On Sun, 15 Nov 2009 21:18:36 -0700 (MST) Warren Block <wbl...@wonkity.com> replied:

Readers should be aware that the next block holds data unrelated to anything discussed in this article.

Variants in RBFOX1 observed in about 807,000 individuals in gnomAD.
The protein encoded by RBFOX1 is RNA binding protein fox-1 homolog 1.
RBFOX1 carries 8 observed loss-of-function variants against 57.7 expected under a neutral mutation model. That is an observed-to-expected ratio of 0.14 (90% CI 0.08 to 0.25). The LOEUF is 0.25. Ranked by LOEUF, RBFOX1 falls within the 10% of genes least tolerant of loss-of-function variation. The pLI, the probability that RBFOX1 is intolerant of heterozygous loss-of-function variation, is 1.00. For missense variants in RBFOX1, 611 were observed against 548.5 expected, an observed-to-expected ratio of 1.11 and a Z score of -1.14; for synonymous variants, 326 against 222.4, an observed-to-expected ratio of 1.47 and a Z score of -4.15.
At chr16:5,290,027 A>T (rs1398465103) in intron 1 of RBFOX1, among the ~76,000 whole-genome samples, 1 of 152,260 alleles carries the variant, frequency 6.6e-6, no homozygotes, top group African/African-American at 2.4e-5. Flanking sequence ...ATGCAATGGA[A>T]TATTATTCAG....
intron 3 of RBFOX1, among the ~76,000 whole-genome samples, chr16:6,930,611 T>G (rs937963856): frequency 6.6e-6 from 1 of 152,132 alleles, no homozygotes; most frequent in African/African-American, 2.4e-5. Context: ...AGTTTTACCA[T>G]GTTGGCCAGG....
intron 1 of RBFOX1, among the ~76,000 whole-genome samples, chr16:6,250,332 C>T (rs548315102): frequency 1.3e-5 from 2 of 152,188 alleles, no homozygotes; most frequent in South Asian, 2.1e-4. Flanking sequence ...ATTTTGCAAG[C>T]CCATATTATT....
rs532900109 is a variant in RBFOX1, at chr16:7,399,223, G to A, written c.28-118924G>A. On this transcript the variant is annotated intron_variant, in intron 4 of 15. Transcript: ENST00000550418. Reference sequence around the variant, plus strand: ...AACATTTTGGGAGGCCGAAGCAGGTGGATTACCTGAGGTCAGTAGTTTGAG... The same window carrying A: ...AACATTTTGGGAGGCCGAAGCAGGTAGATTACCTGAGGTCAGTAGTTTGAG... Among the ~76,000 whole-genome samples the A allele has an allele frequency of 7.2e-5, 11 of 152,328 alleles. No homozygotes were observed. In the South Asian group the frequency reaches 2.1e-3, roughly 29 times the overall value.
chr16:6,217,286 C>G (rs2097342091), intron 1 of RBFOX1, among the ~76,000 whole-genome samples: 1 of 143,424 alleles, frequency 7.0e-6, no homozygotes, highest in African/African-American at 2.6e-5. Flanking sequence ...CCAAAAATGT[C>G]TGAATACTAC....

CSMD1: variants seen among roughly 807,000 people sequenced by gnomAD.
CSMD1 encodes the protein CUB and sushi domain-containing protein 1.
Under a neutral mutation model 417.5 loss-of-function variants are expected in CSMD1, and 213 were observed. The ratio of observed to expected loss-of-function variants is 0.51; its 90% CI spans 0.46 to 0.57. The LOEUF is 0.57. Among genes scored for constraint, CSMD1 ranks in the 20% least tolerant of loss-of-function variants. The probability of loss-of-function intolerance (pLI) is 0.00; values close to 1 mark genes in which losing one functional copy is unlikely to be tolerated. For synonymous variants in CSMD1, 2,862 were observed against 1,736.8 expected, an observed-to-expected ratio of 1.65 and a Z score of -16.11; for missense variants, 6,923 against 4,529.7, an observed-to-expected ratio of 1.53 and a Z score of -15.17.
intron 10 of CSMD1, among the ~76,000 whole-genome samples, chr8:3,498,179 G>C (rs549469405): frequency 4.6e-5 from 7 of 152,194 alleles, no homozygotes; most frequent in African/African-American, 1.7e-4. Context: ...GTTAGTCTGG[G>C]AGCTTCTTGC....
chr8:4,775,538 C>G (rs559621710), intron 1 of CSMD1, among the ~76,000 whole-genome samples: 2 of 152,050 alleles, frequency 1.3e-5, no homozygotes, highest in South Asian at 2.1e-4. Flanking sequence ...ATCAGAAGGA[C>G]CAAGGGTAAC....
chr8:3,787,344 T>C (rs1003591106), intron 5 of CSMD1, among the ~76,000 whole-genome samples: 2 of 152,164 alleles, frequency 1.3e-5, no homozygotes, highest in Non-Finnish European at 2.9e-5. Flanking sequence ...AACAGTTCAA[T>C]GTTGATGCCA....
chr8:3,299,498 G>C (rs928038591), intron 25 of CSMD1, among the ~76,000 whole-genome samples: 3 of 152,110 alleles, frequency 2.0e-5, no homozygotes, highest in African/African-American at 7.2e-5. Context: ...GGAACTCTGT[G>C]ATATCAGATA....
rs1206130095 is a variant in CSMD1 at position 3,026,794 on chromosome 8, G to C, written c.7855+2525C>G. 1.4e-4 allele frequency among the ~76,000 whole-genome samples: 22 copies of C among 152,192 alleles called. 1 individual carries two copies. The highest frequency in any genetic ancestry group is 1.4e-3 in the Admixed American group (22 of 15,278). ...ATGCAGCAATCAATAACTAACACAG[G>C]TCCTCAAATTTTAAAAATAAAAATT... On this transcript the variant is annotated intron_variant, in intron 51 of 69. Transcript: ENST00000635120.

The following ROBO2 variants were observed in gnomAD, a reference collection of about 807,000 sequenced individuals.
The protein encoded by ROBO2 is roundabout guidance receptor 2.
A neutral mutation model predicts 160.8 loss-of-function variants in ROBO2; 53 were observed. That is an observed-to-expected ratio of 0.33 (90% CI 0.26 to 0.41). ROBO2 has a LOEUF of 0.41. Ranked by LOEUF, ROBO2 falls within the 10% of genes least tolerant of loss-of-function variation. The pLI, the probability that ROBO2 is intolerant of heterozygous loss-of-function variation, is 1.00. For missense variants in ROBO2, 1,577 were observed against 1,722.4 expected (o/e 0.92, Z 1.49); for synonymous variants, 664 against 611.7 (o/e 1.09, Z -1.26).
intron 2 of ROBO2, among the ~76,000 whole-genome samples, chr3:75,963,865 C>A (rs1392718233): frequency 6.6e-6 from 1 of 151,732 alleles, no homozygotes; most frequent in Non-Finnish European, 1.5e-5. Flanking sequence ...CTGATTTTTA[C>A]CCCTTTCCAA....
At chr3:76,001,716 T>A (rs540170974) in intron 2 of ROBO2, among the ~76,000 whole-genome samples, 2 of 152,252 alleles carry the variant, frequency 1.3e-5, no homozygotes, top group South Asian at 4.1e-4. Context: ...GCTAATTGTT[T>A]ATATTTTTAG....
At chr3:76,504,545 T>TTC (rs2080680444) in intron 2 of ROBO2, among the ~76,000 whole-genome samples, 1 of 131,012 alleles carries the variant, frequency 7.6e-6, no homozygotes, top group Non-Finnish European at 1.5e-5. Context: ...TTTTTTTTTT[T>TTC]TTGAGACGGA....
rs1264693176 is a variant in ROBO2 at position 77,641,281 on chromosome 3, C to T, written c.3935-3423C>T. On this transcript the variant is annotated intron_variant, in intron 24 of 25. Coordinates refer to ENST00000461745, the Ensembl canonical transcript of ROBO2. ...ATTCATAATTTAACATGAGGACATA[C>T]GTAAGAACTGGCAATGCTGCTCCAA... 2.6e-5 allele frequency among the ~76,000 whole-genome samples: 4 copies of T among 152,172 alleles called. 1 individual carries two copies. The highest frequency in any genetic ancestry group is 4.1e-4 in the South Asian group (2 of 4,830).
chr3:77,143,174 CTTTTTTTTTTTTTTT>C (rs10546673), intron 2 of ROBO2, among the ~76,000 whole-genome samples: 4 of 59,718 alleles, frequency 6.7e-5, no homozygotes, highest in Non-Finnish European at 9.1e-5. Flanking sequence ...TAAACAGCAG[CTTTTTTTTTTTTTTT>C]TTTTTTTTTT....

>On Mon, 16 Nov 2009, Polytropon wrote: > >> On Mon, 16 Nov 2009 02:21:28 +0200, Manolis Kiagias >> <son...@otenet.gr> wrote: >>> Just the fact that I now have to edit an xml file to simply add a >>> Greek keyboard layout is annoying enough. >> >> The fact that annoys me is that configuration seems to have >> disassembled into several parts that are not located in a >> central file (such as xorg.conf has been); I have no problem >> with editing text files if I need to, but now it's getting >> somewhat complicated - I'm not confortable with the fact that >> FreeBSD is (getting) complicated, I always loved it because >> everything is so simple. > >But xorg is not FreeBSD, so this is an unreasonable statement. >FreeBSD is simple. X has never been particularly simple, and the fact >that complexity grows over time is nothing new, either. > >> But I am not complaining! :-) I've been told that those changes >> are absolutely needed to design the creation of new software >> more efficiently and cheaper; this is often confused with "bloat", >> but it's not, it's evolution! And there's no way around. > >Of course there is: if you're happy with the state of your software, >stop there! Don't upgrade. Don't replace what's working with >something newer. > >That option is usually more difficult than it initially seems. The >rest of the world tends to keep on evolving. > >> I would be more happy if things would really get better, or >> even not worse, but sadly, they seem to. Software gets slower >> as well as less accessible - Gtk 2, used by many programs, is >> a good (bad) example. Am I supposed to buy new computer to replace >> perfectly running systems just to keep the "overall usage speed" >> of everything at the same level? > >As above, you don't *have* to upgrade. Keep the old software, and the >old hardware will run it. > >Like everybody, I grumble about changes that don't seem to improve >things at the user level. But I try to remember that without change, >nothing can improve. > >It's also worth remembering that open source projects like xorg give >the users the rare privilege of being able to make a difference. Test >code, provide hardware, document bugs or fixes, do or fund development. If that were true, it might be worth noting. Unfortunately, it rarely works like that. I recently started using a Logitech wireless mouse/keyboard. Of course the mouse did not work in "X", although it performed fine outside of "X". After investing valuable time in Googling for a solution, I ended up editing files for HAL and adding Section "ServerFlags" Option "AllowEmptyInput" "OFF" EndSection to the 'xorg.conf' file. <rant> Honestly, that is not acceptable. On every Windows and MAC system I tested, the combo works without this garbage. It just works. No drivers to install, unless I want the extended capabilities of the keyboard/mouse. Why does it have to be so freak-in difficult here. How the hell are we suppose to entice potential users to non Window's platforms when a simple thing like adding a keyboard or mouse to a system becomes a challenge. </rant> -- Jerry ges...@yahoo.com |::::======= |::::======= |=========== |=========== | Do unto others before they undo you. _______________________________________________ firstname.lastname@example.org mailing list http://lists.freebsd.org/mailman/listinfo/freebsd-questions To unsubscribe, send any mail to "freebsd-questions-unsubscr...@freebsd.org"